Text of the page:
28040 Center Ridge Road | Westlake, Ohio 44145-3903 | (440) 835-2600

Restore Your Smile

Bridges

bridges

A bridge may be used to replace missing teeth, help maintain the shape of your face, and alleviate stress in your bite.

A bridge replaces missing teeth with artificial teeth, looks great, and literally bridges the gap where one or more teeth may have been. Your bridge can be made from gold, alloys, porcelain, or a combination of these materials and is bonded onto surrounding teeth for support.

The success of any bridge depends on its foundation — the other teeth, gums, or bone to which it is attached. Therefore, it's very important to keep your existing teeth, gums, and jaw healthy and strong.


Crowns

crowns

Crowns are a cosmetic restoration used to improve your tooth's shape or to strengthen a tooth. Crowns are most often used for teeth that are broken, worn, or have portions destroyed by tooth decay.

Crowns are "caps" cemented onto an existing tooth which fully cover the portion of your tooth above the gum line. In effect, the crown becomes your tooth's new outer surface. Crowns can be made of porcelain, metal, or both. Porcelain crowns are most often preferred because they mimic the translucency of natural teeth and are very strong.

Crowns are often preferable to silver amalgam fillings. Unlike fillings which apply metal directly into your mouth, a crown is fabricated away from your mouth. Your crown is created in a lab from your unique tooth impression which allows a dental laboratory technician to examine all aspects of your bite and jaw movements. Your crown is then sculpted just for you so that your bite and jaw movements function normally once the crown is placed.


Fillings

fillings

Traditional dental restorations (fillings) include gold and silver amalgam. These materials do possess good strength and durability and are still useful in some situations. However, advances in dental material science in the last several years has enabled us to use materials that mimic the appearance of natural teeth. These materials include Ceramic and Composite Resin and they offer strength and durability that is equal to the older, less attractive materials. Because they chemically bond to tooth structure, they are far less likely to dislodge or cause fracturing in enamel over time. Another benefit is that there is much less post-operative sensitivity associated with their placement than with silver amalgam fillings.


Implants

implants

If you have missing teeth, it is crucial to replace them. Without all your teeth, chewing and eating can destabilize your bite and cause you discomfort. When teeth are missing, your mouth can shift and even cause your face to look older. Implants are a great way to replace your missing teeth.

An implant is a new tooth that looks and feels just like your natural tooth. Your implant is composed of two parts that mimic a tooth's root and crown. The implant's root is made of titanium and is usually placed by an oral surgeon or a periodontist ( a gum specialist) that we are associated with. Once the implant is in place, we attach a crown to replace the top part of your tooth.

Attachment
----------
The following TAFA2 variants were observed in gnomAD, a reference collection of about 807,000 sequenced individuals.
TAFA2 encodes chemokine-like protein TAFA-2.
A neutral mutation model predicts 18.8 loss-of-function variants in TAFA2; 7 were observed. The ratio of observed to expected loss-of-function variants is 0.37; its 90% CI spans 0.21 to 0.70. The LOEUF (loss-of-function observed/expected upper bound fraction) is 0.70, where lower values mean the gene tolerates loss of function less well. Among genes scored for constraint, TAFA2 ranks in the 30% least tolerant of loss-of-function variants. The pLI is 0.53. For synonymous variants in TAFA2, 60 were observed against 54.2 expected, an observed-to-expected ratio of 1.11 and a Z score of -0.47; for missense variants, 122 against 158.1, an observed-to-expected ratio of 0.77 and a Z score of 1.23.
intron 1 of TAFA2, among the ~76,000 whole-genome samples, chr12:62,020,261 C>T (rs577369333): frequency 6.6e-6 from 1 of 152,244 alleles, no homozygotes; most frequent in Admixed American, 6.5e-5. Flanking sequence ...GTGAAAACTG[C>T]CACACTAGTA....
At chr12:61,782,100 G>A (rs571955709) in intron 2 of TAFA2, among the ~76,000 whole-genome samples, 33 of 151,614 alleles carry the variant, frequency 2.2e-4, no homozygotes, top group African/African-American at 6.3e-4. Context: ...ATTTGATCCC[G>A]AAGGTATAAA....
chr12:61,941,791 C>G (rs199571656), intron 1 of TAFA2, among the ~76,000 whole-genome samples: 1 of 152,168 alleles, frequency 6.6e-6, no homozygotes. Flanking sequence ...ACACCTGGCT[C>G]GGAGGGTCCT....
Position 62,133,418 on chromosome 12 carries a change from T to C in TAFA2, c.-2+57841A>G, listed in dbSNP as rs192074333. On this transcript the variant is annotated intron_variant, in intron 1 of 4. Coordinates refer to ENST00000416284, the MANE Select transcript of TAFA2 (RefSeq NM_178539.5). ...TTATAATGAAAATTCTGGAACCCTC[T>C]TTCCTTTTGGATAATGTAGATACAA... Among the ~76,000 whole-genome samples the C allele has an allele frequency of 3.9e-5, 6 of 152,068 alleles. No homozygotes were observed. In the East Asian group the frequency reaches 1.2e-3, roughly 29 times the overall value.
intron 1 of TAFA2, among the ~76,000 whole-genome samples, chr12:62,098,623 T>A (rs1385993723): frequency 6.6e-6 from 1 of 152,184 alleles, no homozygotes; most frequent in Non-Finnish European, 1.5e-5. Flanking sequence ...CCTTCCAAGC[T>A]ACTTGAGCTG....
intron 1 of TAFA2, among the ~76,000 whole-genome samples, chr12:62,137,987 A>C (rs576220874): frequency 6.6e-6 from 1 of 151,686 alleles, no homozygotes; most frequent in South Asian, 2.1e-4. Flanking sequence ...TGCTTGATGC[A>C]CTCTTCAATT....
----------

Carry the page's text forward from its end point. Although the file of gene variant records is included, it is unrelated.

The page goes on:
Implants may also be used to anchor dentures, especially lower dentures that tend to shift when you talk or chew. Plus, for patients with removable partial dentures, implants can replace missing teeth so that you have a more natural-looking smile.


Root Canals

root canals

In the past, if you had a tooth with a diseased nerve, you'd probably lose that tooth. Today, with a special dental procedure called root canal treatment, you may save that tooth.

Inside each tooth is both the pulp and the nerve. The nerve is the vestige of the tissue that originally formed the tooth. Once the tooth has been in the mouth for a time, the functioning of the nerve is no longer necessary.

When a tooth is cracked or has a deep cavity, bacteria can enter the pulp. Germs can cause an infection inside the tooth. Left without treatment, pus builds up at the root tip in the jawbone, forming a "pus-pocket" called an abscess. An abscess can cause the pulp tissue to die. When the infected pulp is not removed, pain and swelling can result. Certain byproducts of the infection can injure your jawbones and your overall health. Without treatment, your tooth may have to be removed.

With modern techniques, treatment usually involves just one visit. During treatment, your general dentist or endodontist (a dentist who specializes in problems of the pulp) removes the diseased pulp. Next the pulp chamber and root canal(s) of the tooth are cleaned and sealed. Often posterior teeth that have endodontic treatment should have a cast crown placed in order to strengthen the remaining structure. Then, as long as you to continue to care for your teeth and gums with regular brushing, flossing, and checkups so that the root(s) of the restored tooth are nourished by the surrounding tissues, your restored tooth can last a lifetime.

Most of the time a root canal is a relatively simple procedure with little or no discomfort. Best of all it can save your tooth and your smile!

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